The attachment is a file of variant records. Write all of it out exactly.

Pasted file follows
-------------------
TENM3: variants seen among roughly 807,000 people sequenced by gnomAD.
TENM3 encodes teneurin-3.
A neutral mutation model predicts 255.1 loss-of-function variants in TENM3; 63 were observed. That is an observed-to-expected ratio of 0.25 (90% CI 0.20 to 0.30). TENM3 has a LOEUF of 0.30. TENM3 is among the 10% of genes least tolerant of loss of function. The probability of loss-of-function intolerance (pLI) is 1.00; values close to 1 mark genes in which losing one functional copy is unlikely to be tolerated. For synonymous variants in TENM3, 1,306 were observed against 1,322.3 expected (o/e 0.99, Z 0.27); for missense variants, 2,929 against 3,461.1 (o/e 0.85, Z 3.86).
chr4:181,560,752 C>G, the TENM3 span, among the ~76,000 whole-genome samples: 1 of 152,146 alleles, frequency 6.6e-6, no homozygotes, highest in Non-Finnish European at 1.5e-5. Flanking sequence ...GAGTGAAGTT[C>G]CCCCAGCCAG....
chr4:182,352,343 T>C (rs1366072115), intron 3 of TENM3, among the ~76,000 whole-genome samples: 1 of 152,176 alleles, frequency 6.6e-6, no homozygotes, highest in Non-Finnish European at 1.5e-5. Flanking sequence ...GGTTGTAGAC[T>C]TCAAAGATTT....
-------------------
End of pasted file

TENM3: variants seen among roughly 807,000 people sequenced by gnomAD.
TENM3 encodes teneurin-3.
A neutral mutation model predicts 255.1 loss-of-function variants in TENM3; 63 were observed. That is an observed-to-expected ratio of 0.25 (90% CI 0.20 to 0.30). TENM3 has a LOEUF of 0.30. TENM3 is among the 10% of genes least tolerant of loss of function. The probability of loss-of-function intolerance (pLI) is 1.00; values close to 1 mark genes in which losing one functional copy is unlikely to be tolerated. For synonymous variants in TENM3, 1,306 were observed against 1,322.3 expected (o/e 0.99, Z 0.27); for missense variants, 2,929 against 3,461.1 (o/e 0.85, Z 3.86).
chr4:181,560,752 C>G, the TENM3 span, among the ~76,000 whole-genome samples: 1 of 152,146 alleles, frequency 6.6e-6, no homozygotes, highest in Non-Finnish European at 1.5e-5. Flanking sequence ...GAGTGAAGTT[C>G]CCCCAGCCAG....
chr4:182,352,343 T>C (rs1366072115), intron 3 of TENM3, among the ~76,000 whole-genome samples: 1 of 152,176 alleles, frequency 6.6e-6, no homozygotes, highest in Non-Finnish European at 1.5e-5. Flanking sequence ...GGTTGTAGAC[T>C]TCAAAGATTT....